Following the rise of the top hat, bowler or derby, Panama, fedora, and flat cap across the nineteenth century, by the first decades of the twentieth century a man could scarcely open his front door, much less appear before a discerning public, without some suitable form of headwear. In the realm of silent comedy, Charlie Chaplin tramped about in a tight tailcoat with a bowler and cane, and Harold Lloyd wore a straw boater over the round horn-rimmed glasses which his success soon turned into a popular fashion accessory.
But just as characteristic was Buster Keaton’s pork pie hat, which he wore from early films like The Goat, The Love Nest, and Sherlock, Jr. all the way to The Railrodder, his last silent picture released more than forty years later. Keaton has been credited with the resurgence of the pork pie hat in the United States in the 1920s. In contrast to the style worn in the middle of the nineteenth century – which typically featured a curved brim, sometimes came with feathers adorning the hatband, and was usually the preserve of women – Keaton’s hat had a rigidly flat brim and a low crown.
Buster Keaton made his own pork pie hats, refashioning them out of Stetsons, and by his own estimation going through thousands over the course of his career. In later years the task of hat making passed on to his wife Eleanor, who used grey fedoras. Interviewed in 1964 at the Movieland Wax Museum, where he was attending the unveiling of his wax likeness, Keaton recalled:
‘In those days, almost every comedian you saw affected a derby hat. Even Harold Lloyd, when he was playing his Lonesome Luke character in 1917, wore a derby – which he later deserted for his signature straw hat and horn-rimmed glasses. So I decided to get a hat that was my very own. I knew straw was too fragile for my kind of antics (straw was fine for vaudeville song-and-dance, but not the movies). So I chose felt and designed this particular porkpie.
I took a good Stetson and cut it down, then I stiffened the brim with sugar water. My recipe calls for three heaping teaspoons of granulated sugar in a teacup of warm water. You wet the top and bottom of the brim, and then smooth it out on a clean, hard surface and let it dry to a good stiffness. I did the earliest ones myself, always – and then I trained my wife. Now she does them for me.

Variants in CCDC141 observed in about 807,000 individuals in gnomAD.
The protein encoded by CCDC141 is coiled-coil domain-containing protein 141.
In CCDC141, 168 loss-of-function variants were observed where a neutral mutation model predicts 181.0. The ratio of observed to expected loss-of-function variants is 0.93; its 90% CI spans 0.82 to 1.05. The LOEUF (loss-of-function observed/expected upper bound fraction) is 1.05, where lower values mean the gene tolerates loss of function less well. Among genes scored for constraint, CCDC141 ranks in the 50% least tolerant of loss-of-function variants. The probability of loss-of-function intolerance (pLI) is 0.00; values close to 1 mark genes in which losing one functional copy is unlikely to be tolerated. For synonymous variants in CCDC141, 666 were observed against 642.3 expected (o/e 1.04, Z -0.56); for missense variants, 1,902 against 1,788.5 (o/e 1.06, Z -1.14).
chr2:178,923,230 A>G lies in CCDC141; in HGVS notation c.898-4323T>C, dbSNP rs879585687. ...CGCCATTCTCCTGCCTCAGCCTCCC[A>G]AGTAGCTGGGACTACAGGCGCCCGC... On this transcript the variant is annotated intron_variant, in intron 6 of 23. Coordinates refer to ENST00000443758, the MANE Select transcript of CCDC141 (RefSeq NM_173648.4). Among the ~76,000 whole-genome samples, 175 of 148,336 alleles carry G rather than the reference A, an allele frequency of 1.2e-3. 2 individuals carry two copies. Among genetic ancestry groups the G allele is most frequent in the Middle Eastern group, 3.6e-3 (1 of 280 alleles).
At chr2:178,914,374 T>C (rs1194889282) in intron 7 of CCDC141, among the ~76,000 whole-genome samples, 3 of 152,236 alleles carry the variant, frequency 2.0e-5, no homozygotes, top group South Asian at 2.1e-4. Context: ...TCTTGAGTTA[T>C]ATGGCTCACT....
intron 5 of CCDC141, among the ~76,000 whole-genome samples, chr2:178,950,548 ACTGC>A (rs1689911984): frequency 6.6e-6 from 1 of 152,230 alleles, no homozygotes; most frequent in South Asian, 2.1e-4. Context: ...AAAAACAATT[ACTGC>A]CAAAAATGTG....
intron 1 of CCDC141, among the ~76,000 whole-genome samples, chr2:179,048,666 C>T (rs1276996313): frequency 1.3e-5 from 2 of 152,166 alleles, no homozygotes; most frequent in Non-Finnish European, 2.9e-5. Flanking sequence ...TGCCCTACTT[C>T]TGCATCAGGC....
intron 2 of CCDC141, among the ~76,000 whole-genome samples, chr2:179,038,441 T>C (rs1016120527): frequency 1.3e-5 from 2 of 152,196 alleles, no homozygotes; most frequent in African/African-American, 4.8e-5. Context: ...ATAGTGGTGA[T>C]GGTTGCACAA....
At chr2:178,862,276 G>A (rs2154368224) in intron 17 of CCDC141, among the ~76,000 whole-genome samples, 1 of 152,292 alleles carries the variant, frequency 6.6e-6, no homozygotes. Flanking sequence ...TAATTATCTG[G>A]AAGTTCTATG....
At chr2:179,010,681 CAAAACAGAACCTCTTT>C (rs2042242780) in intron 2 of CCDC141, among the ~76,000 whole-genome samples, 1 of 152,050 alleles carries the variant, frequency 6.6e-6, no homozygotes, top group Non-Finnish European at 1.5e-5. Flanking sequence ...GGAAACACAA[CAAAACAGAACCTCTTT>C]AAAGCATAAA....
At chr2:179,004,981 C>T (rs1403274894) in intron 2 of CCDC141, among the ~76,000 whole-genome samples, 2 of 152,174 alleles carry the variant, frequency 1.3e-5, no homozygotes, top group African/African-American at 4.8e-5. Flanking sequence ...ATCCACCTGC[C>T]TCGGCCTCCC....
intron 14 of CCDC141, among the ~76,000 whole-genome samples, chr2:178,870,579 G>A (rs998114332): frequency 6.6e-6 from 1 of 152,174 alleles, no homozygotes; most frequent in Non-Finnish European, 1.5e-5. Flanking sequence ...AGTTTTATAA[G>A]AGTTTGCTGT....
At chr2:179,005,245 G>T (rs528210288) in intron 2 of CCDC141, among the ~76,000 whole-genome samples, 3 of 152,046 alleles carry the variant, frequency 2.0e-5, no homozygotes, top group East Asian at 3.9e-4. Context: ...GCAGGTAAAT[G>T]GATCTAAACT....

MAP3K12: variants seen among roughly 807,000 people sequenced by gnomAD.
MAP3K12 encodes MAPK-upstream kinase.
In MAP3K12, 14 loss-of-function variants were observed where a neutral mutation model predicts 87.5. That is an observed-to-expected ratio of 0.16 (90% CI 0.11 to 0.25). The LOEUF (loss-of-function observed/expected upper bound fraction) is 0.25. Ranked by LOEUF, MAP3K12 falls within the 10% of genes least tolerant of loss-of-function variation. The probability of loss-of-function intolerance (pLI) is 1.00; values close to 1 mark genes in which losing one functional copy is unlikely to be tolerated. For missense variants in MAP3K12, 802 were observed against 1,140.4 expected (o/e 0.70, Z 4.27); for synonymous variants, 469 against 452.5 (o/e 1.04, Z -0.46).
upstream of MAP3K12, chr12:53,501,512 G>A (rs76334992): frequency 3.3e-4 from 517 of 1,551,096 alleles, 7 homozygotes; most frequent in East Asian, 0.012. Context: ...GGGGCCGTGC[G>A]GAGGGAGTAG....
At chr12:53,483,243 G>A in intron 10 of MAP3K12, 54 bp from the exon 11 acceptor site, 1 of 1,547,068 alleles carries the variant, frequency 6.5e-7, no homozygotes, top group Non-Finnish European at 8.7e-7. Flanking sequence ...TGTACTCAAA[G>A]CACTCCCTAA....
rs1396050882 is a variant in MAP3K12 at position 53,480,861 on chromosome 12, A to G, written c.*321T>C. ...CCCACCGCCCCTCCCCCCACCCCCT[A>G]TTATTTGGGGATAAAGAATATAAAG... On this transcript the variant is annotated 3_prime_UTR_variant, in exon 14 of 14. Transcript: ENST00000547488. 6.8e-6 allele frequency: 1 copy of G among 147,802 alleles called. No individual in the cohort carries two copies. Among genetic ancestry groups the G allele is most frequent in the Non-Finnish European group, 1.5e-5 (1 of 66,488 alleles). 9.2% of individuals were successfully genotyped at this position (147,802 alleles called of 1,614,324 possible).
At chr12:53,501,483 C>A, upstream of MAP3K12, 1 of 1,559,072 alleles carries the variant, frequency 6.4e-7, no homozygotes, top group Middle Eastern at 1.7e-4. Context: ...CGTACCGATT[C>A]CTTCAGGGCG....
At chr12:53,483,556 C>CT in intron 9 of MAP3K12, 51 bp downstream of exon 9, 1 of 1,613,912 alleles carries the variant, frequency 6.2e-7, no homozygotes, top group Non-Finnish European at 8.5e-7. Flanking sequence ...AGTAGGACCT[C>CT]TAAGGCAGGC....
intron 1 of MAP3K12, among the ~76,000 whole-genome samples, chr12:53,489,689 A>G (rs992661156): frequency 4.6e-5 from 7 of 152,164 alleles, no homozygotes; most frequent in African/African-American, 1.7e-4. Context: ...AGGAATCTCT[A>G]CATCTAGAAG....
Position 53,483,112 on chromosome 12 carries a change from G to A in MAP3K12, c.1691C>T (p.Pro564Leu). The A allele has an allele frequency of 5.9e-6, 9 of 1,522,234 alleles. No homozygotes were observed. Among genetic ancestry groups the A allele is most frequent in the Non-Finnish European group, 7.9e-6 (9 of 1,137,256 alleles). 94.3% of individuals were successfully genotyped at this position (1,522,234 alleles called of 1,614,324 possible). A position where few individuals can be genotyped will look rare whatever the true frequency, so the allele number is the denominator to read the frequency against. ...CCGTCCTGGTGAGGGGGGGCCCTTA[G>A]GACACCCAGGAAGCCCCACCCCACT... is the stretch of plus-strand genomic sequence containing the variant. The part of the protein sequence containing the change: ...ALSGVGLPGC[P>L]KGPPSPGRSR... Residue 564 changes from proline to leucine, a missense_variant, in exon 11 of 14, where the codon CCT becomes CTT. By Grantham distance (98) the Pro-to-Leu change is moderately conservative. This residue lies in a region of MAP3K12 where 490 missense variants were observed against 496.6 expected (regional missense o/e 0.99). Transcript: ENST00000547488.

In the old days, the Stetsons cost me $3.50 each. I pay $12.50 for the same one now. It gets to be expensive, as I’ve used up thousands of them through the years. In the first place, I used to do more water stuff – stunts where I got dumped into water – than most comedians. And felt disintegrates if you get it wet enough. So the mortality was high. I was lucky if I only used half a dozen in each picture. Then people want them for souvenirs – they snatch them off my head, so I have to have extras on hand. Then, when I started making feature pictures, they showed them at the biggest city theaters, and always had all the usherettes wearing my porkpie hats – somehow I never had one returned to me!’
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In 2009, a YouTube user called Dr Moon Rat uploaded an excellent – and remarkably simple – guide towards making your own Buster Keaton pork pie hat. All that you need is a soft felt cowboy hat or fedora, a sink full of water, a flat work surface, and a pair of scissors: